But, you know, that’s me. (And I know what you think of some other recommendations I’ve given you.) I have absolutely no idea if you’d like it or not. That’s for you to find out. Or not.

  • Seriously, Arrested Development. You should get on that.

  • 30 years seems specifically picked to keep WKRP out of the mix, since it ended in 1982 and it is now 2013, so I’m not playing Vulture’s reindeer games!

  • Lisa

    I love Curb your enthusiasm because I am Larry David. I love it when Garlin says he loves the quiet life and Larry goes that must why you married your wife lol

  • dwa

    My favorite is “the love car displacement”. You have to have some appreciation of the characters and why they act like they do but it becomes obvious quite quickly. The episodes that poke fun at fundamental Christians..sheldon’s mom….are quite good. (and I say that as a person of faith…on the whole they manage to do it while still feeling like they are treating people respectfully..not always an easy task) If I remember your bent from previous posts correctly you would likely enjoy those. The mr Spock Xmas episode is also quite good. I will find the names of those last 2 episodes and post later.

  • A friend of mine with a distinctive laugh was in a sitcom studio audience once, and we swear his laugh showed up in the laugh track of various show *for years.*

  • Exactly. They’re still telling me when I’m supposed to laugh. How about letting me decide on my own?

  • Patrick

    The early to middle seasons of Night Court. Sure, there are more sophisticated sitcoms, but NC has that delicious working class, middlebrow sense of humor that tickles me to no end (except for the later seasons which was truly dreck).

  • Dokeo

    Oh, please, yes.

  • I don’t know how to do the quoting thing you’re doing so you get a combobbled post.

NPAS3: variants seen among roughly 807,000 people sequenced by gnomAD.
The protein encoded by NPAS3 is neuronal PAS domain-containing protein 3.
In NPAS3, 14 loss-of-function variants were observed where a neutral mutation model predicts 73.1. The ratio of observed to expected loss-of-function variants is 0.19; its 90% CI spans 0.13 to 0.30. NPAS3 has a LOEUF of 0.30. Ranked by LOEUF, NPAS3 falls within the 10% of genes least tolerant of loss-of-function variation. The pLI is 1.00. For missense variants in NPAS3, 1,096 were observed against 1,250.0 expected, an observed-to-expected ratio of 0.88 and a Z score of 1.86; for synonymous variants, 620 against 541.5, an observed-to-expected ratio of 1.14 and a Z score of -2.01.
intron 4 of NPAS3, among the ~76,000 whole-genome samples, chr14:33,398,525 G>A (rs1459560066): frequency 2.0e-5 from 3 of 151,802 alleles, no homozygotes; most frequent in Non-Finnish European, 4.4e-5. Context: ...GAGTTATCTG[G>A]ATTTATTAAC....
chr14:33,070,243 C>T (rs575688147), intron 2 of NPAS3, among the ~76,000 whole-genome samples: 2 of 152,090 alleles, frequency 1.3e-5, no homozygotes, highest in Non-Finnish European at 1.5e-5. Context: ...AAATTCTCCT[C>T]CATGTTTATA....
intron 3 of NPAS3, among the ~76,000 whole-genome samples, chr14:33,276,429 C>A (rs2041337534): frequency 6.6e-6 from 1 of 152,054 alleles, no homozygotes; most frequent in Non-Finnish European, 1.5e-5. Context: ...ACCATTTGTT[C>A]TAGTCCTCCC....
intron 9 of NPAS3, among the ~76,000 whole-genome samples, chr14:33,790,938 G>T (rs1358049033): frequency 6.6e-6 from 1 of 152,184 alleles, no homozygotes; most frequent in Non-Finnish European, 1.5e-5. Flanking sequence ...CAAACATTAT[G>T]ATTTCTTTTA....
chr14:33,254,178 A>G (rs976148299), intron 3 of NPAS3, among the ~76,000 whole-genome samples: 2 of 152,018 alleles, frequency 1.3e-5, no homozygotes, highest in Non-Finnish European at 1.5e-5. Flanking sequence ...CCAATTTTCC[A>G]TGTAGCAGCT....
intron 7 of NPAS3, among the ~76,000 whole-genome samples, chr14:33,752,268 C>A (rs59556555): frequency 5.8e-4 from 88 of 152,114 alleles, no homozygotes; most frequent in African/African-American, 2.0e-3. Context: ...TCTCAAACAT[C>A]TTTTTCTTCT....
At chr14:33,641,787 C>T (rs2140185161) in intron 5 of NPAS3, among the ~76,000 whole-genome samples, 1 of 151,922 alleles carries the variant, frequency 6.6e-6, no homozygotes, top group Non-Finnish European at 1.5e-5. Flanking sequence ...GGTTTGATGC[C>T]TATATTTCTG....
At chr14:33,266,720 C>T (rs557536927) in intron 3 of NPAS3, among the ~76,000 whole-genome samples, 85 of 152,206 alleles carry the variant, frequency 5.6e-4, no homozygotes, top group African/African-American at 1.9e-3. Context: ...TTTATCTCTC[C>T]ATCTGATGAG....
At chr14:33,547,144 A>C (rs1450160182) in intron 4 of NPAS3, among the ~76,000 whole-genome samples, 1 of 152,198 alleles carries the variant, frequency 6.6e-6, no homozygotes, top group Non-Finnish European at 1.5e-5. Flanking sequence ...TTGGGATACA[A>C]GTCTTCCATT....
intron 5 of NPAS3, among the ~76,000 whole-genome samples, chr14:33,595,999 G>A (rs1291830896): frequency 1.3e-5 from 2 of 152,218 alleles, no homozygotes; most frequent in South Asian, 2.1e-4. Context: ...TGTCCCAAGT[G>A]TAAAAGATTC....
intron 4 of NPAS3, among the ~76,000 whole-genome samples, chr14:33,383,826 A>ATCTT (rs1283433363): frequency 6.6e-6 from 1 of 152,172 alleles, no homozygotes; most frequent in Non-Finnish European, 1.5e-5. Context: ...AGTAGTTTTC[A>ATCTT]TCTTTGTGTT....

When I say “it has to be great” I just mean that I’ve had to have heard good things about it from multiple sources. Combine that with my own personal interest, and then I’m more willing to try it out.

    I can probably list on less than 10 fingers the amount of series I have tried and watched in the past TEN years. This is why I’m picky.

    Some of these I’ve only watched because of this here site.

    Life on Mars – Can’t stand the 70’s, but MaryAnn’s talking about it being one of the best shows ever finally got me to try it anyway. I loved it. The perfect example of me breaking out of the box.

    Doctor Who
    Battlestar Galactica
    Firefly
    Sherlock
    The Walking Dead
    American Horror Story
    Game of Thrones
    Spaced

    aaaand that’s all I can think of. I’ve liked, and in some cases still like, all of these shows. 9 for 9. Not bad.

    It’s obvious from this list that I like serious, fantastical type shows. My wife and I want to start watching Being Human soon. Because of this, I won’t even have room in my life for another show for quite awhile anyway. No matter how good a TV show may be, it’s still the bottom of the barrel when it comes to ways to spend my time. Gardening is 1-5, then movies, games, books, tv.

    Thanks for your responses. I appreciate the discussion!

  • cal

    I vote for Community too, and as it is a comedy set in a particular situation, it is a sitcom. True, there is no live studio audience and it isn’t shot with three cameras, as is typical, but it still fits the criteria. And it is my favorite show at the moment, also.

    I laugh at other shows, BBT included, but Community is far cleverer than most shows. Even the stuff in the background is part of the jokes. I’ve only seen a little of Arrested Development, but I found that quite funny as well. I also like NewsRadio, when Phil Hartman was on it.

  • possum

    Seinfeld without a doubt. The “square to spare” was one of the funniest things ever on television.

    (And whenever I see Garry Shandling I automatically get the “It’s the Garry Shandling Show” theme song in my head- darn you MaryAnn).

  • Two of the best modern sitcoms (and two of the best shows on TV right now) are Louie and Parks and Recreation. They both feel very of the moment, and they both have surprising amounts of heart and depth.

  • FormerlyKnownAsBill

    scrubs. it’s axiomatic.

  • fionna

    I always found Cheers mean-spirited too; I thought Frasier was a much warmer show, and easier to watch and enjoy for that reason.